However, the flexibility and dynamism of the workflows comes from the seven Hunkeler online finishing configurations that can accept printed webs from the print engines. All these lines have Hunkeler modules for web drying, cutting, with drum collating and integrated gluing also from Hunkeler and a Heidelberg folder that is used to produce glued examination brochures and booklets.

Altogether Meteksan handles 12 petabytes of data each year. After personalization and formatting, the print operation is driven by Advanced Function Files (AFP) that are compact and fast to RIP. The front end software is able to talk to the Hunkeler WI6 Web Inspection System and Tracking System that validates every single page and assigns the appropriate finishing steps for it, to the collating, binding and insertion modules. Meteksan’s Alper Çifçi, Digital Printing Group manager of Meteksan Digital, says that for avoiding errors it is essential to have complete inline control systems. He describes Hunkeler’s control system and software for tracking as robust. “It’s binary, precise, reliable and straightforward. Considering the company’s annual output of 600 million A4 pages, we have 6 errors per billion pages thanks to the tracking system,” he says.

An example of software, automation and collaboration with Teknolist

The key to success in high volume digital printing is to find a communication challenge with a significant personalization and security component and then to creatively address it with a combination of software and inline automation. To take on such a challenge profitably, it helps greatly to collaborate with specialists and one of Meteksan’s collaboration is with publisher Teknolist, a leader in the domain of educational printing and software that has been part and parcel of their mutual success. Both companies take smart publishing to the next level by offering tailored educational material and secure examinations printed for classrooms using software and cloud based solutions. Each printed document is enabled by a software driven workflow that intelligently puts together components contained in a database as well as PDF elements.

Alper Çifçi, Digital Printing Group Manager of Meteksan Digital. There is much to learn from this Turkish company for digital printers looking at the opportunities in the education sector.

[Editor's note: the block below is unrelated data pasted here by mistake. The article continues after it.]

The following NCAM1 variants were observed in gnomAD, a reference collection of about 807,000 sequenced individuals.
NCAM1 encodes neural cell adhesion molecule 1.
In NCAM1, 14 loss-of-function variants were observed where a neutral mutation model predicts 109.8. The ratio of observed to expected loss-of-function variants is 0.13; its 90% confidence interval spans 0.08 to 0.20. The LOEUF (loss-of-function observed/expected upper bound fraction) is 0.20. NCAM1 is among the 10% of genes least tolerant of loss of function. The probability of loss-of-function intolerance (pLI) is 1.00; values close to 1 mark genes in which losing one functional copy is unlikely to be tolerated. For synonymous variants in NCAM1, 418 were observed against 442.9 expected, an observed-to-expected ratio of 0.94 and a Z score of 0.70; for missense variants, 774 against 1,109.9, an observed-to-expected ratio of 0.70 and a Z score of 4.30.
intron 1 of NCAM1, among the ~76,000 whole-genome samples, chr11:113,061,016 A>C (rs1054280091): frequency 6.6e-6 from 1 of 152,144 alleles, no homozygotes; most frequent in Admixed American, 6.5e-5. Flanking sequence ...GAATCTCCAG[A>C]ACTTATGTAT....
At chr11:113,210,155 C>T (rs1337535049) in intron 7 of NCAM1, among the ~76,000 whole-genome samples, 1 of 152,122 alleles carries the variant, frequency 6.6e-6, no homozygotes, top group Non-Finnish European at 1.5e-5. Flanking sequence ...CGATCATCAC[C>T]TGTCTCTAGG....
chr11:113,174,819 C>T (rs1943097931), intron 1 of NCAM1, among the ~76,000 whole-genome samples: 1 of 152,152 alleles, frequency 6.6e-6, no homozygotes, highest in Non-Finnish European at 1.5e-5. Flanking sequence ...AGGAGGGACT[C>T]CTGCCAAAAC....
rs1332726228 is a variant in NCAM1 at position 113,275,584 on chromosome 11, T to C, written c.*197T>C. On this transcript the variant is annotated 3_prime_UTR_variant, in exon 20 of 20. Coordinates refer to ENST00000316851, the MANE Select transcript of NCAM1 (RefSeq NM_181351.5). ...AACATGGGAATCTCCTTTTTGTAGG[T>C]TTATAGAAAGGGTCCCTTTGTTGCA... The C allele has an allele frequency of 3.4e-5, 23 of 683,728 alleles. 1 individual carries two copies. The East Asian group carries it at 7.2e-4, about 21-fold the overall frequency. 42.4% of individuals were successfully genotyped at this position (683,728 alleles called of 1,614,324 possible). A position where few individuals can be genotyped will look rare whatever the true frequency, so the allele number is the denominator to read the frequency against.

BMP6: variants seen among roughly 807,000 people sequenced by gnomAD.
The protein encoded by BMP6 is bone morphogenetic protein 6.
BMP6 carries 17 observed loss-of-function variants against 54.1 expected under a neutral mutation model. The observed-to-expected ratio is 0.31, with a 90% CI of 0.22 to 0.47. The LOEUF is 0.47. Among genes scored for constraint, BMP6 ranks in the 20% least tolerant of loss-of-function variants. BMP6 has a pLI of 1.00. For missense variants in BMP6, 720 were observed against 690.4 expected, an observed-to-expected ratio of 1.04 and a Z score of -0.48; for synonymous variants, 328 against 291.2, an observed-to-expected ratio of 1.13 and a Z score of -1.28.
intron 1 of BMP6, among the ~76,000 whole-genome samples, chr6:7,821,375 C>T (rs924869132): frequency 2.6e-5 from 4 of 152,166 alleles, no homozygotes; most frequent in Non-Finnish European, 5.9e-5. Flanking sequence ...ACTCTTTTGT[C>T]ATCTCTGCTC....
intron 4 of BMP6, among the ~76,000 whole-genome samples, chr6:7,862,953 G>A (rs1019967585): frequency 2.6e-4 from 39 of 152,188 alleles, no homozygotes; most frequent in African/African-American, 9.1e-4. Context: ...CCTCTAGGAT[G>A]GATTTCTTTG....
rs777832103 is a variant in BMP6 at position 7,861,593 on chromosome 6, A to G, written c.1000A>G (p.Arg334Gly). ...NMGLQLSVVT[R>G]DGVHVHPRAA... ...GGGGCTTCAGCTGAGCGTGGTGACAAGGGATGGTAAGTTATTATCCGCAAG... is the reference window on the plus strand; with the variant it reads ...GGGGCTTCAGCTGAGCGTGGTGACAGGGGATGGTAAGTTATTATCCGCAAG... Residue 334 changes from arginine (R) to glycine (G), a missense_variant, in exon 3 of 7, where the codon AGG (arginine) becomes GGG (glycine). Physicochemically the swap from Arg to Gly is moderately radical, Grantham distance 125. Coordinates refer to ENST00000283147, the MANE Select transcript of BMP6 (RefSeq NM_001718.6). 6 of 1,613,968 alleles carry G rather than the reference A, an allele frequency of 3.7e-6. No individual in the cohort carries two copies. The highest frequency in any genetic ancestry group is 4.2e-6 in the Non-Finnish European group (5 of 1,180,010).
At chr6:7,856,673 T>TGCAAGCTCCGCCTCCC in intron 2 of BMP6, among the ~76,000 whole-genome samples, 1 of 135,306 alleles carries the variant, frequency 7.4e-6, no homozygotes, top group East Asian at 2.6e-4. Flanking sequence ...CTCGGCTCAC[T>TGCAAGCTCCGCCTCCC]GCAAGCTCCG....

Alper Çifçi, Digital Printing Group Manager of Meteksan Digital. There is much to learn from this Turkish company for digital printers looking at the opportunities in the education sector.

The imposition, assembly, finishing and logistics of each personalized educational material or examination booklet is enabled by the machine readable printed marks on each page and the application of security features to the finished product. “Meteksan’s challenge in achieving this integration and dynamic flexibility was to find a solution which would handle a wide variety of data and formats automatically, and fit within our business model from ordering to delivery,” says Çifçi.

Çifçi adds that the entire operation has to be reliable and redundant. “It’s mission critical – we print within one day of receiving an order and we deliver within three days. Apart from the continuous investment in software and hardware, the company’s in-house technicians are trained by Océ and Hunkeler. Our technicians in Ankara, Oce’s technicians in Poing and Hunkeler’s in Wikon are able to communicate and work together seamlessly as if under one roof,” he says.

Thus the production of digitally printed personalised books for educational purposes or to perform safe exams for schools, classrooms or subjects is highly collaborative but completely automated and secure. Furthermore by eliminating communication errors it becomes efficient. In Teknolist’s example both companies continuously invest in intelligent and automated workflows that leverage their expertise in tailored and intuitive educational material as well as the periodic and secure examination system that drives the entire system forward.

Educational assessment and evaluation of student progress are carried out by web-based tools and the plan is to extend these tools to analyse both achievement and deficiencies. These in turn can be used to automatically select and develop customized content for both students and teachers.

Meteksan is ready to provide digital printed solutions for ever more innovative and smart publishing products and secure examination solutions using its print, nishing and logistics on-demand workflow. Alper Çifçi says, “Meteksan, together with partners like Teknolist, Hunkeler and Canon, has the right tools to comfortably enter a new era of our educational market with the confidence that we have the ability to succeed, and deliver a new and exciting service to our own customers in the future.”